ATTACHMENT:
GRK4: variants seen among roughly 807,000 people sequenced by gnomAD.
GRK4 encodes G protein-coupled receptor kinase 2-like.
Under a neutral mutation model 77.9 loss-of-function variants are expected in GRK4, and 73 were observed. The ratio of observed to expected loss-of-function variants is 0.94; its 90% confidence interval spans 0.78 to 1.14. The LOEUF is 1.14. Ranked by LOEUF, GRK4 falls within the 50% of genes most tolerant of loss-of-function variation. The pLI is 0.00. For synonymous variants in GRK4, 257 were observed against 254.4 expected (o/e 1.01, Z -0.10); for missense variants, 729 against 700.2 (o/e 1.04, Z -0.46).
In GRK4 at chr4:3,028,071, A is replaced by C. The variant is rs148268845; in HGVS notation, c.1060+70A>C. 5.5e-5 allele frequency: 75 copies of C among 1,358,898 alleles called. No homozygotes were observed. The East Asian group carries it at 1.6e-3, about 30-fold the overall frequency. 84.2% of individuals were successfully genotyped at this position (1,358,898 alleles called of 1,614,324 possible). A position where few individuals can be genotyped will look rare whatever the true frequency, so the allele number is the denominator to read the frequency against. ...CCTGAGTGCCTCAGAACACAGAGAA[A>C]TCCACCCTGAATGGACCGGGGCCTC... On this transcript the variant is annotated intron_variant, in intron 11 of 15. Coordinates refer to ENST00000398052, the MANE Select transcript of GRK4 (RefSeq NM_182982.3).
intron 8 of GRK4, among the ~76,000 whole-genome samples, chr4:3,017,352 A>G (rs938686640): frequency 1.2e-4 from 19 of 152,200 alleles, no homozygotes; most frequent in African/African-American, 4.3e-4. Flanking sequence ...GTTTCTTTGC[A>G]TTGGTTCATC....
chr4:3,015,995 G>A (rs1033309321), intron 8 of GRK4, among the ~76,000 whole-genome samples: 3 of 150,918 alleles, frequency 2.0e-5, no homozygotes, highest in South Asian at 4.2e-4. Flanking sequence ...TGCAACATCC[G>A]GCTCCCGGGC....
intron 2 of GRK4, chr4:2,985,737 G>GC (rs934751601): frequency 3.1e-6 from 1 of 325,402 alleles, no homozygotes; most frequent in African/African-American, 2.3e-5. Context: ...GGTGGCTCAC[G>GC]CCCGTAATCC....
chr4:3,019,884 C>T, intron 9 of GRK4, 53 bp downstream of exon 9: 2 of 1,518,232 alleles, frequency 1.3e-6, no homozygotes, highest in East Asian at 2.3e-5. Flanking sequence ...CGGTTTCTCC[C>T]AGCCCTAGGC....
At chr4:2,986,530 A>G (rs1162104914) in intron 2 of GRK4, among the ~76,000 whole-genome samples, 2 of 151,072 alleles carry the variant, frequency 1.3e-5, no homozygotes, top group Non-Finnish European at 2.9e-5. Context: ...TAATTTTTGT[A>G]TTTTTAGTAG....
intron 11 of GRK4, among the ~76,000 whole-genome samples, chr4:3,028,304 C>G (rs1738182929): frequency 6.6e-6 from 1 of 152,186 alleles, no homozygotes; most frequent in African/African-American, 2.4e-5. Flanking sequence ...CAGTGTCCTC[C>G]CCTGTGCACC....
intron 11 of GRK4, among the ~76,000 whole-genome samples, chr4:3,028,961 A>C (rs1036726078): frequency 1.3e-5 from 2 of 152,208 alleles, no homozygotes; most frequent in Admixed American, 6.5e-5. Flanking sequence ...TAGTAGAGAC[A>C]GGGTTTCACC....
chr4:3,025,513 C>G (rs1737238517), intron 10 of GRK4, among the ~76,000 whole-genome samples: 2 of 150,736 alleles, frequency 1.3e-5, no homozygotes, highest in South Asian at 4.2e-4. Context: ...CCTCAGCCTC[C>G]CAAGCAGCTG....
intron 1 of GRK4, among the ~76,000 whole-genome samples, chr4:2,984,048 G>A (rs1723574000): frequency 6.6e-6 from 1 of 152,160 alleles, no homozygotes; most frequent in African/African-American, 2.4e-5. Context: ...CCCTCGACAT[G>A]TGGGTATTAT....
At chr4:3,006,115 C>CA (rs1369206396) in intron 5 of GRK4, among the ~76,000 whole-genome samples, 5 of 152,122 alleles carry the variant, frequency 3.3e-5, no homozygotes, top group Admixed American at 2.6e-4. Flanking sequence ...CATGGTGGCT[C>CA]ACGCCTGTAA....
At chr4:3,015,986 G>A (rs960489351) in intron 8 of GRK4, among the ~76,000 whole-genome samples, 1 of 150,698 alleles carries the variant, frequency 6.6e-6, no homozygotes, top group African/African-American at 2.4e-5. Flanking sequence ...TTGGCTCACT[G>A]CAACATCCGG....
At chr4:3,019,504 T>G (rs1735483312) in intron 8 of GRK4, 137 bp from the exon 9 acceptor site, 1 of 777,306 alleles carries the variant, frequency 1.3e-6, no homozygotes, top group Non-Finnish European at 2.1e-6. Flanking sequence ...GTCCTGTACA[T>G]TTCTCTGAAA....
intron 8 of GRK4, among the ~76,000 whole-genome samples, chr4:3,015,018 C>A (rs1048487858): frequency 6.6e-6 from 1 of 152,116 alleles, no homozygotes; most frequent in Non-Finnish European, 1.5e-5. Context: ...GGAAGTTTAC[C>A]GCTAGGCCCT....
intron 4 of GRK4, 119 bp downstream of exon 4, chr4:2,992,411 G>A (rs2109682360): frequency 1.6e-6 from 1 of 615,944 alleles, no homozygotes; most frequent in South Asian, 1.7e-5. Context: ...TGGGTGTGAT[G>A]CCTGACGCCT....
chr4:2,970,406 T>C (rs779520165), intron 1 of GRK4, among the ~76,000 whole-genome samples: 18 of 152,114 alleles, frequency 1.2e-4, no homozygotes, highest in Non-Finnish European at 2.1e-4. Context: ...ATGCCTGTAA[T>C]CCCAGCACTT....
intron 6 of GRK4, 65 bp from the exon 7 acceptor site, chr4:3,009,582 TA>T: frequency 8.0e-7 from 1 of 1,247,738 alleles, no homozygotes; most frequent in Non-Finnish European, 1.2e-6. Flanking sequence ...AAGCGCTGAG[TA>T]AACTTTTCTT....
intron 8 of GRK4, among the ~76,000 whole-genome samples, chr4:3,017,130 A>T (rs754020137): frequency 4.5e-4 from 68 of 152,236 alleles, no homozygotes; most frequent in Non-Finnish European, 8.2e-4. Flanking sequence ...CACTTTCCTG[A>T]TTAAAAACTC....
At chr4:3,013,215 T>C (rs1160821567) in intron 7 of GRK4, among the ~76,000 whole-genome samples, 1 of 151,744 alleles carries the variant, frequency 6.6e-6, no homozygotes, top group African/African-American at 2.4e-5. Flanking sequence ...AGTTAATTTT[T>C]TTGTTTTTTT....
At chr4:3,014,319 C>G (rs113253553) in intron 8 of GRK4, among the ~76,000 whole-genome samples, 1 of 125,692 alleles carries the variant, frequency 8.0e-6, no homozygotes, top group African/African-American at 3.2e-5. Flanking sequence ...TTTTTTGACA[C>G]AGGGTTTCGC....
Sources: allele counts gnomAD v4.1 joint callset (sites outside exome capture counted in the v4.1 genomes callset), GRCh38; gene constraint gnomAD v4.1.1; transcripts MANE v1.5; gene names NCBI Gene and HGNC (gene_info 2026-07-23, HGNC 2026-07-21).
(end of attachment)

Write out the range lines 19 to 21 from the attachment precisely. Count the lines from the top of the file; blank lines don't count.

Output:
chr4:2,970,406 T>C (rs779520165), intron 1 of GRK4, among the ~76,000 whole-genome samples: 18 of 152,114 alleles, frequency 1.2e-4, no homozygotes, highest in Non-Finnish European at 2.1e-4. Context: ...ATGCCTGTAA[T>C]CCCAGCACTT....
intron 6 of GRK4, 65 bp from the exon 7 acceptor site, chr4:3,009,582 TA>T: frequency 8.0e-7 from 1 of 1,247,738 alleles, no homozygotes; most frequent in Non-Finnish European, 1.2e-6. Flanking sequence ...AAGCGCTGAG[TA>T]AACTTTTCTT....
intron 8 of GRK4, among the ~76,000 whole-genome samples, chr4:3,017,130 A>T (rs754020137): frequency 4.5e-4 from 68 of 152,236 alleles, no homozygotes; most frequent in Non-Finnish European, 8.2e-4. Flanking sequence ...CACTTTCCTG[A>T]TTAAAAACTC....